Lord of the Rings

Helm's Deep

Theoden's force rode out towards Isengard, but turned southward to Helm's Deep, an ancient refuge of the Rohirrim. Erkenbrand had left many men to guard the wall across the Deep and the fortress of the Hornburg, and many people of the Westfold were taking shelter in the caves at the back of the canyon.

Eomer arrayed his men along the wall and in the Hornburg. Legolas and Gimli could see the torches of the orcs crawling slowly up the valley. "This is to my liking," said Gimli. "There is good rock here. This country has tough bones."

Suddenly they heard the cries of battle from the dike below. The rearguard of the Westfolders had been driven in. "The enemy is at hand!" they cried.

The valley was crawling with dark shapes. Arrows as thick as rain came whistling over the battlements. The assault on Helm's Deep had begun. Some of the enemy surged towards the walls, while a force of the hugest orcs and wildmen pressed towards the gates of the Hornburg with great rams.

Aragorn and Eomer heard the thudding against the gates. They gathered a handful of swordmen and crept out through a side door. Their swords flashed from the sheath as one, and they hurled themselves upon the hillmen.

Dismayed, the rammers dropped their tree and turned to fight, but they were soon swept away.

"Two!" said Gimli, patting his axe after he had killed two orcs.

"I make my tale twenty at the least," said Legolas, "but now I have spent all of my arrows."

The orcs kept trying to take the walls with ladders and ropes, but the men of Rohan held them back. Gimli leapt down from the walls to repel a group of orcs who had crept through a gap in the wall.

"Twenty-one!" he told Legolas when he had returned to the battlement.

"Good!" said Legolas, "but my count is now two dozen. It has been knife work up here."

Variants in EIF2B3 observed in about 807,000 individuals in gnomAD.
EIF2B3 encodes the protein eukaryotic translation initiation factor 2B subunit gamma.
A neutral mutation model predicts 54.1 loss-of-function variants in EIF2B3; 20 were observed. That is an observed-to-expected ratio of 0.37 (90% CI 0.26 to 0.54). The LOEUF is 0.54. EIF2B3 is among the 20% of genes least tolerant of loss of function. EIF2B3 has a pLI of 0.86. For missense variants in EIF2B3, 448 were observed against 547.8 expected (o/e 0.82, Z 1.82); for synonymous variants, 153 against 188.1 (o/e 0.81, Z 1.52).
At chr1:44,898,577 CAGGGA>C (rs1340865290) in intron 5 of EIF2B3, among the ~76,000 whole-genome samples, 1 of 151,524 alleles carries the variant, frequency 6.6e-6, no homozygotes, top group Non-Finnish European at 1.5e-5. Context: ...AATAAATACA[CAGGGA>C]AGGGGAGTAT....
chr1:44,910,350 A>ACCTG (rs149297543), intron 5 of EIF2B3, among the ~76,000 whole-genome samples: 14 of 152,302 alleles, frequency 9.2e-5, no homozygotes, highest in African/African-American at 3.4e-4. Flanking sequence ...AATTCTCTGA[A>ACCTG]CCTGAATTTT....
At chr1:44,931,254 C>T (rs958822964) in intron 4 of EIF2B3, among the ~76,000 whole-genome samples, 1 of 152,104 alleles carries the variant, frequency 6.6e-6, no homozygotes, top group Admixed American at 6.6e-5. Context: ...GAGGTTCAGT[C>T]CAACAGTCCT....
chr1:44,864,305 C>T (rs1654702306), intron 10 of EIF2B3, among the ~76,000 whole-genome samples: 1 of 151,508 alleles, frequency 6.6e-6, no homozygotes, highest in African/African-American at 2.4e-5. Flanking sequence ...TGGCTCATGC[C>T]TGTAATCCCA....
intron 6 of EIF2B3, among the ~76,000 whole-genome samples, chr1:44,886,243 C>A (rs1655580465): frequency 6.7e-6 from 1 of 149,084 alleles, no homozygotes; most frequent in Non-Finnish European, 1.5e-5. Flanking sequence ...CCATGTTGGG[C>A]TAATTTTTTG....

There was a crash of flame and smoke. A gaping hole was blasted in the wall, and a host of orcs poured in.

Some of the defenders were pushed back towards the caves in the narrows of the canyon, Gimli among them, while others took refuge in the Hornburg.

"I wish he had come this way," said Legolas, "I desired to tell Master Gimli that my tale is now thirty-nine."

"If he wins back to the caves, he will pass your count again," laughed Aragorn. "Never did I see an axe so wielded." Aragorn went back to the wall to look out over the battlefield.

He shouted out to the enemy, "Depart, or not one of you will be spared! You do not know your peril!"

So great was his power and royalty that many of the wild men were frightened, but the orcs laughed and let loose a hail of arrows. Aragorn leaped down.

With dawn, the great horn of Helm was blown, and Theoden led his forces out, with Aragorn at his right hand and the lords of Rohan behind him. "Forth Eorlings!" with a great cry they charged, driving though the hosts of Isengard as a wind among grass.

The valley had changed in the night. Where there had been a green dale before, now there was a dark silent forest. The orcs cowered between the forces of the king and the trees.

Suddenly, a rider appeared on the ridge above, clad in white. Behind him a force of a thousand men on foot came down the slope, led by a tall man.

"Erkenbrand!" the Riders shouted.

"Gandalf is come!" cried Aragorn.

Trapped between two forces, the orcs and wildmen dropped their weapons and fled. Wailing they passed under the waiting shadow of the trees; and from that shadow none ever came again.

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